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Children are increasingly caught in the crossfire: 'They are the innocent victims'

Posted at 1:50 PM, Jun 08, 2022
and last updated 2022-06-10 16:15:29-04

HENRICO COUNTY, Va. -- To watch Ava Miles play in 2022, you would never know what rested inside the Henrico five-year-old's tiny body. But right around her hip is a lasting reminder of what happened on July 15th, 2020.

"She was three, innocent and carefree," Ava's mother Keierra Lucas said.

Lucas and her two daughters were asleep inside an apartment on O Street in Church Hill around midnight when it all happened.

"It was like a machine gun going off. Scared the life out of me. Mother's instinct was to get to my children, I didn't care about the consequence, I just needed to get to my kids," Lucas said.

Gunfire from outside made its way into Ava's room.

"I heard her screaming. I think it was just an I'm scared, kind of scream, so I ran to her in the dark. She was soaked in blood from her waist down," Lucas said.

Ava survived.

The surgeon opted not to remove the bullet.

Ava 01.jpg
Ava Miles

"It will do more damage to surgically remove it for her," Lucas said.

Her story is all too common in Central Virginia with many other children not as fortunate.

"We have lost a six-month-old. The children are in the way and they are the innocent victims and something must be done," Dr. Jeffrey Haynes, the head of the Children's Trauma Center at the Children's Hospital of Richmond at VCU, said.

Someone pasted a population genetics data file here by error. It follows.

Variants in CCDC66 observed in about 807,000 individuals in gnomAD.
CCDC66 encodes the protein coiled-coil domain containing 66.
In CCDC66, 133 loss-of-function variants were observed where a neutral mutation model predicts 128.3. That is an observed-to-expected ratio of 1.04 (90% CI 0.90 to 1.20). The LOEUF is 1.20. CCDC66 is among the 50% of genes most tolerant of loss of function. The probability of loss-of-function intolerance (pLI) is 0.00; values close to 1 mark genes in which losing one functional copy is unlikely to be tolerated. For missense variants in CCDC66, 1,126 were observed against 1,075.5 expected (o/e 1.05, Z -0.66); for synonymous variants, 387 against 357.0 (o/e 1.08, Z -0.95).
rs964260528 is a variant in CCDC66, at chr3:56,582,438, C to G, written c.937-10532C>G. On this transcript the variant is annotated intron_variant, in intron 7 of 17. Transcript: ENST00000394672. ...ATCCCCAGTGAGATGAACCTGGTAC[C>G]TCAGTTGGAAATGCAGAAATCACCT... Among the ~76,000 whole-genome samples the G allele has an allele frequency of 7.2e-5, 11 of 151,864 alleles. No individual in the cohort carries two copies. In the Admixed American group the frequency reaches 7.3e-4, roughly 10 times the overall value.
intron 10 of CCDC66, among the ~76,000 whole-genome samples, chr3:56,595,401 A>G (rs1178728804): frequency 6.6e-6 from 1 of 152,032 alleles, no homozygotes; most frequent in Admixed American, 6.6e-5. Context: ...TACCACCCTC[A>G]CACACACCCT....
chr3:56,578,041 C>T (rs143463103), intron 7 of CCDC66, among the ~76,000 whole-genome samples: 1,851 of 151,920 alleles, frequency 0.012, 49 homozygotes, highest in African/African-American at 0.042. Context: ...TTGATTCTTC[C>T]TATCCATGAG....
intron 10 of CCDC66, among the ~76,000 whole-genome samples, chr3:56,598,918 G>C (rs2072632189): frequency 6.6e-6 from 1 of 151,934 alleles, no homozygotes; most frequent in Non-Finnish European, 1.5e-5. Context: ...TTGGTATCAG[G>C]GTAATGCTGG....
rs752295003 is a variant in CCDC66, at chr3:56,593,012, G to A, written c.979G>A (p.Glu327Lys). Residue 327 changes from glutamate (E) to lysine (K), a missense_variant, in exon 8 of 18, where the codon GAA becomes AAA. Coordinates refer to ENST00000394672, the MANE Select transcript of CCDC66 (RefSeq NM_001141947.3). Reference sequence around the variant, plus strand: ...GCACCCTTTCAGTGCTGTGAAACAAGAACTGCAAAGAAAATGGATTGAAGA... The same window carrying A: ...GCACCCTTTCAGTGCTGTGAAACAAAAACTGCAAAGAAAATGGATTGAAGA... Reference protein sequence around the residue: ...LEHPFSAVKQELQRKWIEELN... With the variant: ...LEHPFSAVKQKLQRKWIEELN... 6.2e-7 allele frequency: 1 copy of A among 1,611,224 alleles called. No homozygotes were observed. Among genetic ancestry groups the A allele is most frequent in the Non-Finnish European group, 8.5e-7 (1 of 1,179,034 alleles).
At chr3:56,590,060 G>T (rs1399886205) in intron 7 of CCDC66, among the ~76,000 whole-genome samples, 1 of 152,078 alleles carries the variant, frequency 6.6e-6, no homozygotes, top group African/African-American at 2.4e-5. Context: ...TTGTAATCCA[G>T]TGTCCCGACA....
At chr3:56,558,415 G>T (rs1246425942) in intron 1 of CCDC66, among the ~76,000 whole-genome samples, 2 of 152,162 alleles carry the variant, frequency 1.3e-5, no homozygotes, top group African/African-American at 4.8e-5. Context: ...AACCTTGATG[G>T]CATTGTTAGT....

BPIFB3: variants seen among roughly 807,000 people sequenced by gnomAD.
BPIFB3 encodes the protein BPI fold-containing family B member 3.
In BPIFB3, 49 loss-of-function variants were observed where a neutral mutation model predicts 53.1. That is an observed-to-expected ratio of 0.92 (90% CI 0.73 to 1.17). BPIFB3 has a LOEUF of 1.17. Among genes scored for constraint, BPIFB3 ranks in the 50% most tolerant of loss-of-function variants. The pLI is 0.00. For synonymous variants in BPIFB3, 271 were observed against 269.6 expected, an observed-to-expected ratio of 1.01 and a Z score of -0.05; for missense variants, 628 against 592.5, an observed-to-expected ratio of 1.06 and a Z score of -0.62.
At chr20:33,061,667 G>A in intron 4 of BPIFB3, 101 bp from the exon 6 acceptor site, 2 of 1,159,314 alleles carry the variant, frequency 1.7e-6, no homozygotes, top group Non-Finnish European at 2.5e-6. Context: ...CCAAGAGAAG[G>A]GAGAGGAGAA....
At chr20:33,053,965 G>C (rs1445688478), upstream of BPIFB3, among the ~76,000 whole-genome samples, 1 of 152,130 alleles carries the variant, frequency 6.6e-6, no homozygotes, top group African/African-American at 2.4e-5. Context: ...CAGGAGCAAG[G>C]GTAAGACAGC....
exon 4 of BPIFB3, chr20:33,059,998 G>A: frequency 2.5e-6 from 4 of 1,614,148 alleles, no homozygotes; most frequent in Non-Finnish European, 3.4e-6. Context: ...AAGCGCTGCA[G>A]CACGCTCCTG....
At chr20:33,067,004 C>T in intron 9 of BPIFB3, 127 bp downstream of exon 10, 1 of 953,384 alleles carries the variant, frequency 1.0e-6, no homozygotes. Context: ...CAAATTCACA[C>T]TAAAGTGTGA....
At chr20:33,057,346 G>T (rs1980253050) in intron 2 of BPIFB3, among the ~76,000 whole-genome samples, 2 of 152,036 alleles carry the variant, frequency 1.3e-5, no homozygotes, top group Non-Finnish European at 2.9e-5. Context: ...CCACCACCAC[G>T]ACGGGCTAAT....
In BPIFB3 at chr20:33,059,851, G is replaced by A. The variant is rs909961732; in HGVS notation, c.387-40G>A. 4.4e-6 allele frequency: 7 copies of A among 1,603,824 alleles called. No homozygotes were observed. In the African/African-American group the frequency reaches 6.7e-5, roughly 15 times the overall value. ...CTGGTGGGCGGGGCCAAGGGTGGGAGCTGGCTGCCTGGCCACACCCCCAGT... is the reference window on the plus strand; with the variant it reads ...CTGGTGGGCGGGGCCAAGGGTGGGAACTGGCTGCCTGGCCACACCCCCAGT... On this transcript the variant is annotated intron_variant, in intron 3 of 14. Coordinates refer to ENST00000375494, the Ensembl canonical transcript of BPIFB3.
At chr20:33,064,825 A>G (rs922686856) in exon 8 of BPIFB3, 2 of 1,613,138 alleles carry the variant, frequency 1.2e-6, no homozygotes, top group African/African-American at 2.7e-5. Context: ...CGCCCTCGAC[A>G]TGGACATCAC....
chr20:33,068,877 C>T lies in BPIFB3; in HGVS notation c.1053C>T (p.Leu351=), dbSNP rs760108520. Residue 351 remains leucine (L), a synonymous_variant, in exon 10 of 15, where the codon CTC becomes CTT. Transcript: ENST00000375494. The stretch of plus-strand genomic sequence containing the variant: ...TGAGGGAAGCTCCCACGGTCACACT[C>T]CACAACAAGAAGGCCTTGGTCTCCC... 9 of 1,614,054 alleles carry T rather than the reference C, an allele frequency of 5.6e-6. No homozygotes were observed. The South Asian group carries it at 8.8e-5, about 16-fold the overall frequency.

Haynes said that hospital data showed the number of kids 14 years old and younger who were the victims of firearm injuries increased by 25% in 2019 with another 25% increase in 2020 and yet another 25% in 2021.

He said ten years ago, nearly all the gunshot victims the Children's Hospital treated were related to safety events.

"In other words, finding the gun unprotected but loaded and the child shoots themselves or someone else. Now we see twice as many violence-related events where the children are in the wrong place at the wrong time," Haynes said.

In those shootings, the likelihood of death is much higher.

"Bullets are just destructive and any sort of central injury to the chest or abdomen can cause the loss of life of the child. Yes, that's the sad truth," Haynes said.

Children who do survive carry a heavy mental burden.

"They need individual therapy, family therapy, community support, support in schools," Brittany Kiefer, Clinical Pediatric Surgery and Pediatric Trauma Social Worker at the Children's Hospital of Richmond at VCU said.

"For her, she associated sleep with I'm going to get hurt so she wouldn't sleep or sleep by herself for a long time," Lucas said.

Making matters worse for her family, the police never charged anyone in Ava's case.

"We never got any follow-up from police, detectives, nobody reached back out to us. My number's been the same," Lucas said.

Ava's mom now has a message for those who catch innocent children in the crossfire.

"When you're randomly shooting, bullets don't have a name. It could be a three-month-old, a three-year-old, a ten-year-old. It doesn't matter. It's still somebody's baby that you're putting their life in jeopardy," Lucas said.

Richmond Police said they are still actively investigating Ava's case.

They added it would be helpful if the public could provide more information by calling Crime Stoppers at 804-780-1000.

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